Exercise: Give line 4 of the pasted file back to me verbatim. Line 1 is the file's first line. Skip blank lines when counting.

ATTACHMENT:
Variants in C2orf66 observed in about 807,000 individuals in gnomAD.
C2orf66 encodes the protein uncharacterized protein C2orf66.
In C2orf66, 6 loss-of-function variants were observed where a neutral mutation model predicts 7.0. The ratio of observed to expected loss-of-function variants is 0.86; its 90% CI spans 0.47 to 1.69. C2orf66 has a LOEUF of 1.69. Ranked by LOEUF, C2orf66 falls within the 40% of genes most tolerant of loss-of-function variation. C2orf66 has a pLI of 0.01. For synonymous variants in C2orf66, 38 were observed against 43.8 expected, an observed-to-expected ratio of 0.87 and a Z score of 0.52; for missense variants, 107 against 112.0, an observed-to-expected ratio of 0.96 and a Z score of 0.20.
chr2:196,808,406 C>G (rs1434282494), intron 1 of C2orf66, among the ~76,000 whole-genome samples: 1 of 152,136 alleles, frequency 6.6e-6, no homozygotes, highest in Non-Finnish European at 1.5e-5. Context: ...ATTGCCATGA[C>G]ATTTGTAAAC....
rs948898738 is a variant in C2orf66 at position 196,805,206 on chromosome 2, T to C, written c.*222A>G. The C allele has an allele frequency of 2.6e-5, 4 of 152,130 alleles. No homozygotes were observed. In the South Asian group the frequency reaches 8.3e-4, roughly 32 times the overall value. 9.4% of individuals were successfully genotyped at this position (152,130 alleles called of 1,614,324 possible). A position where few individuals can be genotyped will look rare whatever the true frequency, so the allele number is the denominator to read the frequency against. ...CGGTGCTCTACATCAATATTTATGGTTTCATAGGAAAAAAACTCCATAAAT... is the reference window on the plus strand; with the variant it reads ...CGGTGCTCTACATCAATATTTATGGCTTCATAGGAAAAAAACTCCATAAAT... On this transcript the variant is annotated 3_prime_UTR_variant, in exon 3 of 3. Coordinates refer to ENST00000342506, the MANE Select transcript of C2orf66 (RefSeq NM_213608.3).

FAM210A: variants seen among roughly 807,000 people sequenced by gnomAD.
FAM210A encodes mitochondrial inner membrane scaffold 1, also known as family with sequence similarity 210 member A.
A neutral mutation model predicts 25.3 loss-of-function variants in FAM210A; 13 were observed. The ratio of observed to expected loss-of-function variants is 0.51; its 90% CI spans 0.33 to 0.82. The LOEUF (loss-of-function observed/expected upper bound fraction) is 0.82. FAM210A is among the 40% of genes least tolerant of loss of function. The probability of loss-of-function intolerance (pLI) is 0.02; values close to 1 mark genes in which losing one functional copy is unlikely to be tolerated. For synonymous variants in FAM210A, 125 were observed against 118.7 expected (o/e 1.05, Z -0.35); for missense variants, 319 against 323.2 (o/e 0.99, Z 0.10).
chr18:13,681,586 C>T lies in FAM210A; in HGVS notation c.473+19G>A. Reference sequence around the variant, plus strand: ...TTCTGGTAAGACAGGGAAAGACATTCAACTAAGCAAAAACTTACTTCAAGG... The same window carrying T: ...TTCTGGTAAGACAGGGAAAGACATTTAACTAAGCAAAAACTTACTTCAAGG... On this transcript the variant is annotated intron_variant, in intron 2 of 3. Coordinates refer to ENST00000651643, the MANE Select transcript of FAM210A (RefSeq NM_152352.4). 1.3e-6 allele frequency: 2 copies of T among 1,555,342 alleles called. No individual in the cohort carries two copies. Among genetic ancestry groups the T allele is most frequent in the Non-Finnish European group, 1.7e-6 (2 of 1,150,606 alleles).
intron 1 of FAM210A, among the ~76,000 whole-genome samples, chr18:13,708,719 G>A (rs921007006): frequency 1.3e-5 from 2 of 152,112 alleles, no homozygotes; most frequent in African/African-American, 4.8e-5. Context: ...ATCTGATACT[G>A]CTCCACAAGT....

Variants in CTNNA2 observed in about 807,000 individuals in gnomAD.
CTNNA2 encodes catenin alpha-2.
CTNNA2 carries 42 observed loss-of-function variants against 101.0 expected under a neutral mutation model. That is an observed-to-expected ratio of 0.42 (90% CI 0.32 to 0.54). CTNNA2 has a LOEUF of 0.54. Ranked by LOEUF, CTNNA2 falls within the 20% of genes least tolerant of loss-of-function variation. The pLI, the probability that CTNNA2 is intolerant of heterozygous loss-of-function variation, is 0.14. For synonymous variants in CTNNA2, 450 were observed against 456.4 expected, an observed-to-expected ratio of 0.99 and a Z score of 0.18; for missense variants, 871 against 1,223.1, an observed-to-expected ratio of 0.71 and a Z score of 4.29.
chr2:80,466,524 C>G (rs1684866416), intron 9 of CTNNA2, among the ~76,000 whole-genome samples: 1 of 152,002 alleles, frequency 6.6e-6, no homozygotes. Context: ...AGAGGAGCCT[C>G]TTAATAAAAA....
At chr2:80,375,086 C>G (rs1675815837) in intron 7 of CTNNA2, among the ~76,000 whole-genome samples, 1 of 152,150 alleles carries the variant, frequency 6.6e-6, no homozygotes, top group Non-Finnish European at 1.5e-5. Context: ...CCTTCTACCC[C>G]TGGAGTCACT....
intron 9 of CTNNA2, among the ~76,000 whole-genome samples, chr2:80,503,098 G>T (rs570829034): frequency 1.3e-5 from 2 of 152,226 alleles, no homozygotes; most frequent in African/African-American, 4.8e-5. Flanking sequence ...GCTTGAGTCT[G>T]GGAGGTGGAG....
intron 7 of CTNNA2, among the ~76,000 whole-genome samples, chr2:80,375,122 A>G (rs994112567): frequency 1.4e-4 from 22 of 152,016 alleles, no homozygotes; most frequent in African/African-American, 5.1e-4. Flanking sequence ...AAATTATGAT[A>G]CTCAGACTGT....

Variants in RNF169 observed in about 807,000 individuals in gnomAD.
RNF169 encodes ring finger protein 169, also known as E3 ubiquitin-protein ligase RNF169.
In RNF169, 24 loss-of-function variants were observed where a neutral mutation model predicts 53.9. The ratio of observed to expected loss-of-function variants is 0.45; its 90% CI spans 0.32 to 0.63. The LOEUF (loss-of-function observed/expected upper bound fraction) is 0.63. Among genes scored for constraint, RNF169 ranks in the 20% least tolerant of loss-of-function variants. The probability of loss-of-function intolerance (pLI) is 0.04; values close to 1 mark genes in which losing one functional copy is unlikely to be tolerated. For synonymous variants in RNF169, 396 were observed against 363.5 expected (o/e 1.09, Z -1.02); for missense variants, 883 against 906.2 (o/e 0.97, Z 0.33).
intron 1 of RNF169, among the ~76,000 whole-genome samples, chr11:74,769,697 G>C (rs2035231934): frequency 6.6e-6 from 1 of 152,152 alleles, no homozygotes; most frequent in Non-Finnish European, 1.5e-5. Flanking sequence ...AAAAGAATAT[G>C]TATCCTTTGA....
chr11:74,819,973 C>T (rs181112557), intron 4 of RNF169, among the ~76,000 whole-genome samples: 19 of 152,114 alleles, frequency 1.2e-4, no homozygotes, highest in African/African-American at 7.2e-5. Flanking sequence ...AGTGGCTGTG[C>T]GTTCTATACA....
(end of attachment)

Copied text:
chr2:196,808,406 C>G (rs1434282494), intron 1 of C2orf66, among the ~76,000 whole-genome samples: 1 of 152,136 alleles, frequency 6.6e-6, no homozygotes, highest in Non-Finnish European at 1.5e-5. Context: ...ATTGCCATGA[C>G]ATTTGTAAAC....